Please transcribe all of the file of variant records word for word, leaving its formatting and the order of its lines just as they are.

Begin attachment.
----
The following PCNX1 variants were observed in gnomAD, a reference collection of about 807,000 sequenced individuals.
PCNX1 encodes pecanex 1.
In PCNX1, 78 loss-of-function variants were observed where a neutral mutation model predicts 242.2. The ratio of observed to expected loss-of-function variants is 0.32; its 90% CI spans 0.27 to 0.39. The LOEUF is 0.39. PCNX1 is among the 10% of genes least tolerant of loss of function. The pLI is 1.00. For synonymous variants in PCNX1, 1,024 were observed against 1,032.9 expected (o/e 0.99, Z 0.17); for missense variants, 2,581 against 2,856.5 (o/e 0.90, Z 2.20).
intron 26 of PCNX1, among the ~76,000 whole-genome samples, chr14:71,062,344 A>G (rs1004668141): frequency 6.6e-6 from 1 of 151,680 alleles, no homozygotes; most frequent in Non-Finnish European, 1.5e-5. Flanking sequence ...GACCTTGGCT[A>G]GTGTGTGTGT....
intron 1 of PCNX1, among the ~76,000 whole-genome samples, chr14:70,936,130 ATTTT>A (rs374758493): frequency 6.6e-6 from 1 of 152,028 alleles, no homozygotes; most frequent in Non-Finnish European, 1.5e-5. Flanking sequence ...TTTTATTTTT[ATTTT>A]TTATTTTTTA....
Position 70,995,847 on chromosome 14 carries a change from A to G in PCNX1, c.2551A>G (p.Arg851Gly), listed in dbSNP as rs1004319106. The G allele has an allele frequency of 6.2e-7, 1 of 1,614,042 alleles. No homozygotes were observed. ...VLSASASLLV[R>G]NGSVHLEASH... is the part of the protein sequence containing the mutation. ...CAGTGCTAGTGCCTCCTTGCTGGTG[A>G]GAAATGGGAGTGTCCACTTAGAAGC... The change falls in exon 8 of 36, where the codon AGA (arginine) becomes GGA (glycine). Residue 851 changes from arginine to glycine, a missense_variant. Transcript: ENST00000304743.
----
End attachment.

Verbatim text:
The following PCNX1 variants were observed in gnomAD, a reference collection of about 807,000 sequenced individuals.
PCNX1 encodes pecanex 1.
In PCNX1, 78 loss-of-function variants were observed where a neutral mutation model predicts 242.2. The ratio of observed to expected loss-of-function variants is 0.32; its 90% CI spans 0.27 to 0.39. The LOEUF is 0.39. PCNX1 is among the 10% of genes least tolerant of loss of function. The pLI is 1.00. For synonymous variants in PCNX1, 1,024 were observed against 1,032.9 expected (o/e 0.99, Z 0.17); for missense variants, 2,581 against 2,856.5 (o/e 0.90, Z 2.20).
intron 26 of PCNX1, among the ~76,000 whole-genome samples, chr14:71,062,344 A>G (rs1004668141): frequency 6.6e-6 from 1 of 151,680 alleles, no homozygotes; most frequent in Non-Finnish European, 1.5e-5. Flanking sequence ...GACCTTGGCT[A>G]GTGTGTGTGT....
intron 1 of PCNX1, among the ~76,000 whole-genome samples, chr14:70,936,130 ATTTT>A (rs374758493): frequency 6.6e-6 from 1 of 152,028 alleles, no homozygotes; most frequent in Non-Finnish European, 1.5e-5. Flanking sequence ...TTTTATTTTT[ATTTT>A]TTATTTTTTA....
Position 70,995,847 on chromosome 14 carries a change from A to G in PCNX1, c.2551A>G (p.Arg851Gly), listed in dbSNP as rs1004319106. The G allele has an allele frequency of 6.2e-7, 1 of 1,614,042 alleles. No homozygotes were observed. ...VLSASASLLV[R>G]NGSVHLEASH... is the part of the protein sequence containing the mutation. ...CAGTGCTAGTGCCTCCTTGCTGGTG[A>G]GAAATGGGAGTGTCCACTTAGAAGC... The change falls in exon 8 of 36, where the codon AGA (arginine) becomes GGA (glycine). Residue 851 changes from arginine to glycine, a missense_variant. Transcript: ENST00000304743.